|Avery Drawings & Archives Collections|
Table of Contents
Container ListView All
Series IV: Office Records
At a Glance
This collection is made up of six series: Series I: Project Photographs, Series II: Office Records, Series III: Personal, Series IV: Personal Photographs, Series V: Correspondence, and Series VI: Architectural Plans and Drawings.
Scope and Content
The collection documents the architectural projects by the firm Kahn & Jacobs through photographs primarily, but also through some architectural plans and drawings, and office records. Additionally, the collection includes a number of Robert Allan Jacobs' personal and professional papers, the confluence of which helps to contextualize his work vis-a-vis his broader milieu while helping to delineate the unique design impulses of Jacobs as distinct from his partner Ely Jacques Kahn. This collection's rich diversity of project records and photographs, office records, personal papers, correspondence, and ephemera offers a way into understanding the influences that formed the underpinnings of Jacobs' design ethos--from the Beaux-Arts spectre of his father Harry Allan Jacobs and the deeply traditional nature of his architectural education through his modernist awakening under Le Corbusier and finally the brutalism that would dominate the world of architecture by the end of his career.
Series I: Architectural Plans and Drawings
This series includes all of the architectural plans and drawings within the collection, ranging from blueprints to plans, sections, and elevations. Included within this series are drawings ranging from Jacobs' time as a student through his career and retirement as well as plans and drawings from his father, Harry Allan Jacobs, and his partner, Ely Jacques Kahn.
Series II: Project Photographs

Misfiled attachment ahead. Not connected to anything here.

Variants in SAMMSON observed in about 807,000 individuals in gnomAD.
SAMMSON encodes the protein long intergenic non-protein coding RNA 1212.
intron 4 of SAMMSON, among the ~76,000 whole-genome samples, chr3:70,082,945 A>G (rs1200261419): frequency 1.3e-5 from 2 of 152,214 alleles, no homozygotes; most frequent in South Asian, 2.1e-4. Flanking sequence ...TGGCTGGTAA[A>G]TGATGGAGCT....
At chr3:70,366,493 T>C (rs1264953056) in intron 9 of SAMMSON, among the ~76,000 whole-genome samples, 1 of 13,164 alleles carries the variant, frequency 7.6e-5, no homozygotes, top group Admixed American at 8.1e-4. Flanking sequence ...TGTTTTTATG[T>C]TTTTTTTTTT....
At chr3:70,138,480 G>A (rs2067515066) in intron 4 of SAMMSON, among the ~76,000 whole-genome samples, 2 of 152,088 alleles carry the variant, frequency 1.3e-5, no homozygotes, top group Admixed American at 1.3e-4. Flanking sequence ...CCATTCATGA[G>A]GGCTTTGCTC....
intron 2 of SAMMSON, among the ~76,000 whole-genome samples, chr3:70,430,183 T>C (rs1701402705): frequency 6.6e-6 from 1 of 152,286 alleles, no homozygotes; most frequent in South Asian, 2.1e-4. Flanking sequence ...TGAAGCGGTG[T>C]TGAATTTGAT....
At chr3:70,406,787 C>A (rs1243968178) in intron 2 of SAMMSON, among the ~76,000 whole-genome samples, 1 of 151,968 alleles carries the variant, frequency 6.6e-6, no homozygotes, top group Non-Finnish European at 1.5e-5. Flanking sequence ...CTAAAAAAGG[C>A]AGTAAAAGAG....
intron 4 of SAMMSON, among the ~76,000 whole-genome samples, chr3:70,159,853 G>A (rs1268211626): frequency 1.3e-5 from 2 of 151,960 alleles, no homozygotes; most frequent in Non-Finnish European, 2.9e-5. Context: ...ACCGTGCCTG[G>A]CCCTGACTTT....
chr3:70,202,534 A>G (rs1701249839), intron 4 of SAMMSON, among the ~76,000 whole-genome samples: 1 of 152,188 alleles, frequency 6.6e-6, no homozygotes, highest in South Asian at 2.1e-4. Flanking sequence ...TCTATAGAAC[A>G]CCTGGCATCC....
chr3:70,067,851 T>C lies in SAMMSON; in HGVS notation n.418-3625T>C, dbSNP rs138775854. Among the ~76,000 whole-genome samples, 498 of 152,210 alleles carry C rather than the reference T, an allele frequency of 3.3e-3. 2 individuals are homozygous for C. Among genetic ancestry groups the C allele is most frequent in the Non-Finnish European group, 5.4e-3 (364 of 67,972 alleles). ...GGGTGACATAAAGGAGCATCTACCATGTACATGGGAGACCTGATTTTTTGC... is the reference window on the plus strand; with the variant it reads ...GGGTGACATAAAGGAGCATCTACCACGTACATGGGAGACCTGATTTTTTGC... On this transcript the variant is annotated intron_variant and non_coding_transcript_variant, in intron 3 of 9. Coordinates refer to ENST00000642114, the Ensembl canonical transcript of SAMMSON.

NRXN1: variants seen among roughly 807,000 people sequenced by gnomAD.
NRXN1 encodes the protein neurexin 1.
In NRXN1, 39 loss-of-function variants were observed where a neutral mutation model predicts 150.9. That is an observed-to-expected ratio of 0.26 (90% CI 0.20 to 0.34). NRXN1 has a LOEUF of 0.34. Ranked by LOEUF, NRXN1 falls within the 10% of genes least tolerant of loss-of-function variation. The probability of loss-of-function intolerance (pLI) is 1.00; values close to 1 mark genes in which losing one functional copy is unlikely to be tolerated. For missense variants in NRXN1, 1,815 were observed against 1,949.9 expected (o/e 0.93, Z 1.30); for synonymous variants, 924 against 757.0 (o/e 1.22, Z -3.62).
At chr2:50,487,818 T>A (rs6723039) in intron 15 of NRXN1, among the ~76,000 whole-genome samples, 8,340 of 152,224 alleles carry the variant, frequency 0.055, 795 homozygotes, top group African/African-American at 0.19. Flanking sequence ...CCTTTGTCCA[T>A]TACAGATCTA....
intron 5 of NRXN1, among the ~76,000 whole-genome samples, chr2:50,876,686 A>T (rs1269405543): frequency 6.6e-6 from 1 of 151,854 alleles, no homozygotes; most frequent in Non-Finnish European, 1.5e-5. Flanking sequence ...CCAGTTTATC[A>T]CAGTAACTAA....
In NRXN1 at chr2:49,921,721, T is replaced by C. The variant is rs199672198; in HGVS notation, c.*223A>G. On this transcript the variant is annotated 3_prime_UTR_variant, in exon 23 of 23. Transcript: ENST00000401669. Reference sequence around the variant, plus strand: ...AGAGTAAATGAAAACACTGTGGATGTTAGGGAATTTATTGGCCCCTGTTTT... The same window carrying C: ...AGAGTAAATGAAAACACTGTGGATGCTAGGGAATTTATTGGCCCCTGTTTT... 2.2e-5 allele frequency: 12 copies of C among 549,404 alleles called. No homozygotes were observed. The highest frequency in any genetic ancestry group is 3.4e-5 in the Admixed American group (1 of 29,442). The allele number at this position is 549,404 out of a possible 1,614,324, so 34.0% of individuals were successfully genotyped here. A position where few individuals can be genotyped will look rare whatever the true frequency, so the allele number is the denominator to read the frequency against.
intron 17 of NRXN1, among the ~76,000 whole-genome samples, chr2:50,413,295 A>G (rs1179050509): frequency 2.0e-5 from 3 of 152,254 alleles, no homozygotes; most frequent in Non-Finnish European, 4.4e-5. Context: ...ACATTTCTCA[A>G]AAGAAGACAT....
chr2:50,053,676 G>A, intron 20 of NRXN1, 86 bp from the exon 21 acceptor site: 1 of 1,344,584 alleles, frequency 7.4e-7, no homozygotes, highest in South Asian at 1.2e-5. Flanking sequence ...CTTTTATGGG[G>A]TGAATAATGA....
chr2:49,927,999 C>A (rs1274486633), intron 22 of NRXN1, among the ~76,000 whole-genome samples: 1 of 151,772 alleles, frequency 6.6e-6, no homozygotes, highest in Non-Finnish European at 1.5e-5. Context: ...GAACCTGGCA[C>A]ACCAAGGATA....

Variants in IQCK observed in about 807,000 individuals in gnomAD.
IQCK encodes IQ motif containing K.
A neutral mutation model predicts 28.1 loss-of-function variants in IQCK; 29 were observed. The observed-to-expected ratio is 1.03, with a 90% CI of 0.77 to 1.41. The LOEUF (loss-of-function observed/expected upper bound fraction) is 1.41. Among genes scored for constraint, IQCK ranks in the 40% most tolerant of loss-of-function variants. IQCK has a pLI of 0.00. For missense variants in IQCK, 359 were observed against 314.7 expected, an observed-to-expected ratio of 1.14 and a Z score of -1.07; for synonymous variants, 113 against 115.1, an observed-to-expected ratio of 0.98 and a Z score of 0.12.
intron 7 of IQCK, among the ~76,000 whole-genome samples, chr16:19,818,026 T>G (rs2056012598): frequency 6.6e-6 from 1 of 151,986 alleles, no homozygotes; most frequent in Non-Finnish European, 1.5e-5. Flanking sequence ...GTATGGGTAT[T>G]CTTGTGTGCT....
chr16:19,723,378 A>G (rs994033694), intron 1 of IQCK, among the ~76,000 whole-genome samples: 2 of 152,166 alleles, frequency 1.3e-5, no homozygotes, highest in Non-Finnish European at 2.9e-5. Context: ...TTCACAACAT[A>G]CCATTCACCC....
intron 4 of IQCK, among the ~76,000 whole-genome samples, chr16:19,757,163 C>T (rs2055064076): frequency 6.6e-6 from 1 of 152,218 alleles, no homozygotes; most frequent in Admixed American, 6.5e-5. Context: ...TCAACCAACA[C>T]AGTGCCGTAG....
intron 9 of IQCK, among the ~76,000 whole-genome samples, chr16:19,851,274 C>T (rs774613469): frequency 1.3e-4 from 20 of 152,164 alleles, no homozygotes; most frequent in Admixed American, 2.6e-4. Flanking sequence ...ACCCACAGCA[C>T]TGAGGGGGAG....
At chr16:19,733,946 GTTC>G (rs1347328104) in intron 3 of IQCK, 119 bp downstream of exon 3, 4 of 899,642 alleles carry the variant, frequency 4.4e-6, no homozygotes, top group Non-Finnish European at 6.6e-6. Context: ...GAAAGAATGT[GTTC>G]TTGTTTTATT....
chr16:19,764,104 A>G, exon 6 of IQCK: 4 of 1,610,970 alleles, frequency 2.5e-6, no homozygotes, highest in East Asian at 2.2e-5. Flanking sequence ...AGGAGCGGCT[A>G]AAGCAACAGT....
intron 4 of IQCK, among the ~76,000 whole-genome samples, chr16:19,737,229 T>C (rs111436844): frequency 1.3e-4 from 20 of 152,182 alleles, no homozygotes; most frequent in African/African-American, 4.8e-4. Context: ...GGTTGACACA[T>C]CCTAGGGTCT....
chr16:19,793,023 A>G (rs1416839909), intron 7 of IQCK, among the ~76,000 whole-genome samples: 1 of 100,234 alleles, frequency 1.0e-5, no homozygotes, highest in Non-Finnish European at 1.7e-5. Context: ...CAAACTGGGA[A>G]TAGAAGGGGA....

Arranged alphabetically by project name, this series includes all photographs of projects contained within the collection--ranging from entire buildings to interiors.
Because the line between Jacobs' personal and professional life was often blurred, all correspondence-both professional and personal-has been organized into one series. Substantial materials from a particular project or event have been organized around that project or event name while more general correspondence has been organized alphabetically by the last name (or when no last name is provided by the first letter of the first name) of the correspondent.
This series, organized around individual projects or general themes as appropriate, includes a broad range of materials, from Kahn & Jacobs firm publicity and presentations to appointment books and firm financial records, scrapbooks, personnel photographs, and awards.
This series includes material that correspond more directly to Jacobs' personal rather than professional life. Included are books and monographs found in Jacobs' office, school yearbooks, a portfolio of watercolors, diplomas, journals, and military ephemera. The series includes photographs of a more personal nature found within the collection. Included within the series are studio portraits-both of Robert Allan Jacobs himself and of his family-and more informal snapshots, especially from Jacobs' vacations and hunting expeditions.
This series contains papers of Robert Allan Jacob's father Harry Allan Jacobs. The papers include clippings, ephemera, scrapbooks, firm ledger, portrait, and a play script.
Using the Collection
Avery Architectural and Fine Arts Library
Restrictions on Access
This collection is available for use by appointment in the Department of Drawings & Archives, Avery Architectural and Fine Arts Library, Columbia University. For further information and to make an appointment, please email email@example.com.
Unique time-based media items have been reformatted and are available onsite via links in the container list. All original copies of audio / moving image media are closed. Email firstname.lastname@example.org for more information.
Restrictions on Use